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Joe Biden Helped This Man Get Over His Stutter – Then Beau Biden Helped Him Realize His Dreams

Branden Brooks on Wednesday tweeted out a letter that Vice President Joe Biden sent him years ago when he was a senator. Brooks told BuzzFeed News about how the vice president's advice helped change his life.

Last updated on July 1, 2015, at 6:02 p.m. ET

Posted on July 1, 2015, at 5:32 p.m. ET

When Branden "Skip" Brooks was in eighth grade, he went on a class trip to the U.S. Capitol building, where his class from Delaware got to listen to a presentation from then-Sen. Joe Biden. Afterward, Biden took questions.


Brooks told BuzzFeed News he has a stutter, which was apparent when he asked Biden a question. After the presentation, Biden pulled him aside and told him he once had a stutter too, but he never let it hold him back.

According to Brooks, Biden told him he had worked to overcome his stutter by taking as many opportunities as possible to speak in public.

"It was really inspiring and I just took it to heart," Brooks said.

He took Biden's advice, and began giving speeches as much as he could. Brooks is now a father and lawyer living in St. Louis, and works for a Christian nonprofit offering legal services.

On Wednesday, Brooks felt compelled to share, on social media, a letter Biden wrote to him after the trip in 1994 encouraging him to never give up. "Remember what I told you about stuttering," Biden said. "You can beat it just like I did."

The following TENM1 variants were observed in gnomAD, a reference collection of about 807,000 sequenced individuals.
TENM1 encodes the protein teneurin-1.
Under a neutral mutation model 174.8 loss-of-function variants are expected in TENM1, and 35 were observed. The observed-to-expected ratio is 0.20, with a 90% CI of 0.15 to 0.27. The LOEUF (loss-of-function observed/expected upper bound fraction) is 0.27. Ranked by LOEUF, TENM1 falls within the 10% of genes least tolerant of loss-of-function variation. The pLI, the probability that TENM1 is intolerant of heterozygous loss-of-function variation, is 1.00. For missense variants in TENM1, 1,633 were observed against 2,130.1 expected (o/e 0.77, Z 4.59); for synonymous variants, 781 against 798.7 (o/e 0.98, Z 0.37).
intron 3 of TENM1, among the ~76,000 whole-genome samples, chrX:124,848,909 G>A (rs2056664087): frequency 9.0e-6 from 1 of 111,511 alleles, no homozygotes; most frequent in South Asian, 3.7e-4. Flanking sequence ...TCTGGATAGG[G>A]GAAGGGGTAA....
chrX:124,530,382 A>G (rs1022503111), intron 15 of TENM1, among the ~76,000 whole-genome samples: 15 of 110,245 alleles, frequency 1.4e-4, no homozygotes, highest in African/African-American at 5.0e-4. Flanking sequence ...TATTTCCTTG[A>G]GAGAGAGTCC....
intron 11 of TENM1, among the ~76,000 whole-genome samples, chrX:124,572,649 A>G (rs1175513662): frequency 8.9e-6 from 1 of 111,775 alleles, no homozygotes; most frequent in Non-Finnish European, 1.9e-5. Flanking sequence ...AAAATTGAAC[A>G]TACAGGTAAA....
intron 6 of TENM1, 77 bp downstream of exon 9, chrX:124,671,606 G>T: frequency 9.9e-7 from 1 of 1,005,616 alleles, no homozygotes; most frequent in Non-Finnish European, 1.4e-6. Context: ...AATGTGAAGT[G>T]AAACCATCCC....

On a 8th field trip to DC, we had a Q&A with @VP Joe Biden. I got this letter a week later. It still inspires me.

Dear Branden,

It was a pleasure meeting you yesterday. You are a fine, bright young man with a great future ahead of you if you continue to work hard.

Remember what I told you about stuttering. You can beat it just like I did. When you do, you will be a stronger man for having won. Also remember, every time you are tempted to make fun of someone with a problem, how it feels when you are made fun of.

Treat everyone with respect and you will be respected yourself.

Your friend,

Joe Biden.

Brooks tweeted the letter and posted a few other thoughts about the experience and thought it would go unnoticed. "I didn't think I would get a response," he said.

Afterwards @VP Biden pulled me aside saying that he used to stutter as a kid and that he never let it interfere with his life goals. 1/3

To his shock, Biden tweeted back.

.@SkipBrooks9 And it's still true today, my friend. Treat everyone with respect and you will be respected yourself.

After getting the tweet, Brooks shared with Biden another special part of their story. In 2008, after he followed his dreams and became a prosecutor in Delaware, he was sworn in by Biden's son, Beau.

@VP Took your advice to heart and years later Beau swore me in as a prosecutor.

Beau Biden, the former attorney general of Delaware, died of cancer last month.

The whole experience has been mindblowing, Brooks said, but he said he is excited to possibly inspire others who read his story.

"It's incredible and I'm just happy to kind of inspire people who have a speech impediment to follow their dreams," he said.

Vice President Biden has spoken multiple times about his struggle with stuttering, including at a gala for the American Institute for Stuttering last year.

Mark Wilson / Getty Images

Addressing a gala in June, the vice president encouraged children who stutter to not let the obstacle define them.

"You know, I know this won’t take away the hurt or the pain right now, but I promise you: You have nothing, nothing, nothing to be ashamed of and every reason to be proud. Our stutter doesn’t define us. We define ourselves," he said.

A BuzzFeed News investigation, in partnership with the International Consortium of Investigative Journalists, based on thousands of documents the government didn't want you to see.